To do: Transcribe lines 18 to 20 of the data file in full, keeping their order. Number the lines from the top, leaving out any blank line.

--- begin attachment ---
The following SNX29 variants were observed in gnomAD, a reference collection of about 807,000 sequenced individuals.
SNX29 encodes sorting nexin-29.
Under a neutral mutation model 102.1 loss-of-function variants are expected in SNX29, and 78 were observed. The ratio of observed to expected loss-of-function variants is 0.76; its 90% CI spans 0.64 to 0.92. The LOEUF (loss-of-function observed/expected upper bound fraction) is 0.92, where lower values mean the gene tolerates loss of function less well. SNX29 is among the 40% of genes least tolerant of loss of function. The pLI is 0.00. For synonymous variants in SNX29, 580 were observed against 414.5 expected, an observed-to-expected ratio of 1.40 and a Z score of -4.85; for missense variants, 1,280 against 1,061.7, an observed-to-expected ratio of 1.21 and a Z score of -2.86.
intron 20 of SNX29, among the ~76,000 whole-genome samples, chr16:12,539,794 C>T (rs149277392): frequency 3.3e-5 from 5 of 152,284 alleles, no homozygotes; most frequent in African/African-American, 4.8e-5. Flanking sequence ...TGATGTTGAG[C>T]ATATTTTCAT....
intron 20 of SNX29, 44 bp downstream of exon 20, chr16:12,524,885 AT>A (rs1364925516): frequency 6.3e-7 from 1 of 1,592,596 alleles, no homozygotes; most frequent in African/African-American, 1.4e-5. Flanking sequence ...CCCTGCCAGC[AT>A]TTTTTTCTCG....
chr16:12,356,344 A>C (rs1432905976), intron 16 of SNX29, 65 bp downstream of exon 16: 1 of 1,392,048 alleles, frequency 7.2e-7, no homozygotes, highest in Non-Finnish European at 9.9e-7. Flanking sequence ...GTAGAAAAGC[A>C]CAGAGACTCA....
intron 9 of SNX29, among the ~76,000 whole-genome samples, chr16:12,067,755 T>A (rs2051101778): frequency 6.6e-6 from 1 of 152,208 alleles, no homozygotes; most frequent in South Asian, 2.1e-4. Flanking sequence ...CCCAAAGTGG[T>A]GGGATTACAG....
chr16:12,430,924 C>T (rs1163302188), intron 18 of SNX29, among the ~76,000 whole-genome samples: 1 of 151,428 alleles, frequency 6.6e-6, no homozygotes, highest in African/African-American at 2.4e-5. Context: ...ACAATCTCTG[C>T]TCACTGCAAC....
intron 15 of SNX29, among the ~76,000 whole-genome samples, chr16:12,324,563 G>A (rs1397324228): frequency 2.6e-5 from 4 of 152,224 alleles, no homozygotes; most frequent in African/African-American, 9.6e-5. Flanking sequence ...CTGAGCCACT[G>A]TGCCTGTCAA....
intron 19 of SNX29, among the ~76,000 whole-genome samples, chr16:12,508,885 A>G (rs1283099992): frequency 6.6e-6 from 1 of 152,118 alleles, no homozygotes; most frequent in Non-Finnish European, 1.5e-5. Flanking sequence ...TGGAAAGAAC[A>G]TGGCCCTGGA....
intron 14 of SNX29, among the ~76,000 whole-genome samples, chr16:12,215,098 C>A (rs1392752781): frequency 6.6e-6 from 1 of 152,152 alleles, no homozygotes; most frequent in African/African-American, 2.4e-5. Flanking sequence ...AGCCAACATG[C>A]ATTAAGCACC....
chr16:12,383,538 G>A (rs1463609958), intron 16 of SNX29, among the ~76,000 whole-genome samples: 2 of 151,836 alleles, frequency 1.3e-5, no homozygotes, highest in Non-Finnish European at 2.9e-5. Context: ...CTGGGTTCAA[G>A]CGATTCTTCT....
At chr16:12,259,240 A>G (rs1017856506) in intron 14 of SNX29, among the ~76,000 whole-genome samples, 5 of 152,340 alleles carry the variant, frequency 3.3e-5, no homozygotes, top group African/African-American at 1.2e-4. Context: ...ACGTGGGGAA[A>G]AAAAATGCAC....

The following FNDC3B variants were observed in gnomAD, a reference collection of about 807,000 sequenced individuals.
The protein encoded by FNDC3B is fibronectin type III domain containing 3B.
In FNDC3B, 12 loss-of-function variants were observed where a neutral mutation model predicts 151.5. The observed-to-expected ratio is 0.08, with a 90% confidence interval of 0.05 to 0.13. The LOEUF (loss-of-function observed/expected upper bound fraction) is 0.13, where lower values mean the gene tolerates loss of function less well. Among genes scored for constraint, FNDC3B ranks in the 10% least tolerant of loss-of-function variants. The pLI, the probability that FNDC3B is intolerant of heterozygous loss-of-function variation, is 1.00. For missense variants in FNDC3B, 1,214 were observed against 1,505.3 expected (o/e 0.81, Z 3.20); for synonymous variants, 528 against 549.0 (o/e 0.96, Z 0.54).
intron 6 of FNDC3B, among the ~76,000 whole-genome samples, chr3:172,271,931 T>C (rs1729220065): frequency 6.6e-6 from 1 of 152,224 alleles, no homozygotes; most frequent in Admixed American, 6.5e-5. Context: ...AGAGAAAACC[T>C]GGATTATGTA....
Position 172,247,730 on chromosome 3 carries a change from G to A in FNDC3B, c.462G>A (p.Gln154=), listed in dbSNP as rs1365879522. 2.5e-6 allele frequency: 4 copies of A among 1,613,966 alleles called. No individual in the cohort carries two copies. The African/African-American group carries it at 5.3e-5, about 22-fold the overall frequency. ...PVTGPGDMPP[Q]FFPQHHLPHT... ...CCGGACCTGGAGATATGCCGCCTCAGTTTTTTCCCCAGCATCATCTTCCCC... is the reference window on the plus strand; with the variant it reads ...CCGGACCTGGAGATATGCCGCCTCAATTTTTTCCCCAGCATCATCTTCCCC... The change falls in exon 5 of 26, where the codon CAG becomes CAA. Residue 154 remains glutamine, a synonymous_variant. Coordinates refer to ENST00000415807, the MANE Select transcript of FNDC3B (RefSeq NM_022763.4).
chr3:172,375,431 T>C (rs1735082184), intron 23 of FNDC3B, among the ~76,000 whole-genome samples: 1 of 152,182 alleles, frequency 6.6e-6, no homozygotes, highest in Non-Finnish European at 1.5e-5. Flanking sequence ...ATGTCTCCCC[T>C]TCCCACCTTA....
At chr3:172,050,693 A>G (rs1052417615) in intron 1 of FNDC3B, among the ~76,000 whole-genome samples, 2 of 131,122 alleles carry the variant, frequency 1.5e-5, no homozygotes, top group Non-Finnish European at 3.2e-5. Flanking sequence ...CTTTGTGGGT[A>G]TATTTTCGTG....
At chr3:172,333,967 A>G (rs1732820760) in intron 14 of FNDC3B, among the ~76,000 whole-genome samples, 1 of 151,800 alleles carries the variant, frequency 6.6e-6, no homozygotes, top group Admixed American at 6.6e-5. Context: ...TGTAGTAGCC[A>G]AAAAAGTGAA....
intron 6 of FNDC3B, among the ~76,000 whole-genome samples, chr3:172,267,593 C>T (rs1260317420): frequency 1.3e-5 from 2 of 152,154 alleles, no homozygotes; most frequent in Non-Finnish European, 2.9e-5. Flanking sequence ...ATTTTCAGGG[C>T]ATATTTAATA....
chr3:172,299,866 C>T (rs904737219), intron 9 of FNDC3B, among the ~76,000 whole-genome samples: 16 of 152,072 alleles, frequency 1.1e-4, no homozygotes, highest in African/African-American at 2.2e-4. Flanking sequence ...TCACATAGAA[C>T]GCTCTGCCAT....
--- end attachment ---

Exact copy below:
Position 172,247,730 on chromosome 3 carries a change from G to A in FNDC3B, c.462G>A (p.Gln154=), listed in dbSNP as rs1365879522. 2.5e-6 allele frequency: 4 copies of A among 1,613,966 alleles called. No individual in the cohort carries two copies. The African/African-American group carries it at 5.3e-5, about 22-fold the overall frequency. ...PVTGPGDMPP[Q]FFPQHHLPHT... ...CCGGACCTGGAGATATGCCGCCTCAGTTTTTTCCCCAGCATCATCTTCCCC... is the reference window on the plus strand; with the variant it reads ...CCGGACCTGGAGATATGCCGCCTCAATTTTTTCCCCAGCATCATCTTCCCC... The change falls in exon 5 of 26, where the codon CAG becomes CAA. Residue 154 remains glutamine, a synonymous_variant. Coordinates refer to ENST00000415807, the MANE Select transcript of FNDC3B (RefSeq NM_022763.4).
chr3:172,375,431 T>C (rs1735082184), intron 23 of FNDC3B, among the ~76,000 whole-genome samples: 1 of 152,182 alleles, frequency 6.6e-6, no homozygotes, highest in Non-Finnish European at 1.5e-5. Flanking sequence ...ATGTCTCCCC[T>C]TCCCACCTTA....
At chr3:172,050,693 A>G (rs1052417615) in intron 1 of FNDC3B, among the ~76,000 whole-genome samples, 2 of 131,122 alleles carry the variant, frequency 1.5e-5, no homozygotes, top group Non-Finnish European at 3.2e-5. Flanking sequence ...CTTTGTGGGT[A>G]TATTTTCGTG....